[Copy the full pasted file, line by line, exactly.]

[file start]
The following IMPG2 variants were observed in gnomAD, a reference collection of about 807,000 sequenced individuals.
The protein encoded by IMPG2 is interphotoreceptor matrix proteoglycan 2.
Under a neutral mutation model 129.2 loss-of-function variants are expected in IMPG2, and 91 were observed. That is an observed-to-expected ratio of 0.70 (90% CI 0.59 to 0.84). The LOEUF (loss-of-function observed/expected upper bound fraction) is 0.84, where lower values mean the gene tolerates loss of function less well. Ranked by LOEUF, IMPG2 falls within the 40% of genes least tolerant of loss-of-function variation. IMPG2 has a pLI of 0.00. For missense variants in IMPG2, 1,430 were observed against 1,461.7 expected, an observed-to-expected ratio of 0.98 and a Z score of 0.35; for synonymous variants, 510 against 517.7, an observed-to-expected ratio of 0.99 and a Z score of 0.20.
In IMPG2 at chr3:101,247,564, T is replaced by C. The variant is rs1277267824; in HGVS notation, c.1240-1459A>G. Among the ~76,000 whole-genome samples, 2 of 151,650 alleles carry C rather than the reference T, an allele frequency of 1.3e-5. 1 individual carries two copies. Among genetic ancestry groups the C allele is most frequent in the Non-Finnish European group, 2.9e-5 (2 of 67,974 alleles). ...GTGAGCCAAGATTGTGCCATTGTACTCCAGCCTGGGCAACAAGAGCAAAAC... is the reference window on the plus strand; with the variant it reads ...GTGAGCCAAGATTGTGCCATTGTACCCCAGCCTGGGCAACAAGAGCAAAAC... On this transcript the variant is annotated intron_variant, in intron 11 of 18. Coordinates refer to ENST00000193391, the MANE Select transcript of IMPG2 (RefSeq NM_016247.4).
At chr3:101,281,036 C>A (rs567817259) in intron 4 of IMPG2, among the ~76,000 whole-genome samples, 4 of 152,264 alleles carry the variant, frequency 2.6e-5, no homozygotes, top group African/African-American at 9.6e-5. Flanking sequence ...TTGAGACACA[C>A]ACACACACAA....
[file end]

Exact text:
The following IMPG2 variants were observed in gnomAD, a reference collection of about 807,000 sequenced individuals.
The protein encoded by IMPG2 is interphotoreceptor matrix proteoglycan 2.
Under a neutral mutation model 129.2 loss-of-function variants are expected in IMPG2, and 91 were observed. That is an observed-to-expected ratio of 0.70 (90% CI 0.59 to 0.84). The LOEUF (loss-of-function observed/expected upper bound fraction) is 0.84, where lower values mean the gene tolerates loss of function less well. Ranked by LOEUF, IMPG2 falls within the 40% of genes least tolerant of loss-of-function variation. IMPG2 has a pLI of 0.00. For missense variants in IMPG2, 1,430 were observed against 1,461.7 expected, an observed-to-expected ratio of 0.98 and a Z score of 0.35; for synonymous variants, 510 against 517.7, an observed-to-expected ratio of 0.99 and a Z score of 0.20.
In IMPG2 at chr3:101,247,564, T is replaced by C. The variant is rs1277267824; in HGVS notation, c.1240-1459A>G. Among the ~76,000 whole-genome samples, 2 of 151,650 alleles carry C rather than the reference T, an allele frequency of 1.3e-5. 1 individual carries two copies. Among genetic ancestry groups the C allele is most frequent in the Non-Finnish European group, 2.9e-5 (2 of 67,974 alleles). ...GTGAGCCAAGATTGTGCCATTGTACTCCAGCCTGGGCAACAAGAGCAAAAC... is the reference window on the plus strand; with the variant it reads ...GTGAGCCAAGATTGTGCCATTGTACCCCAGCCTGGGCAACAAGAGCAAAAC... On this transcript the variant is annotated intron_variant, in intron 11 of 18. Coordinates refer to ENST00000193391, the MANE Select transcript of IMPG2 (RefSeq NM_016247.4).
At chr3:101,281,036 C>A (rs567817259) in intron 4 of IMPG2, among the ~76,000 whole-genome samples, 4 of 152,264 alleles carry the variant, frequency 2.6e-5, no homozygotes, top group African/African-American at 9.6e-5. Flanking sequence ...TTGAGACACA[C>A]ACACACACAA....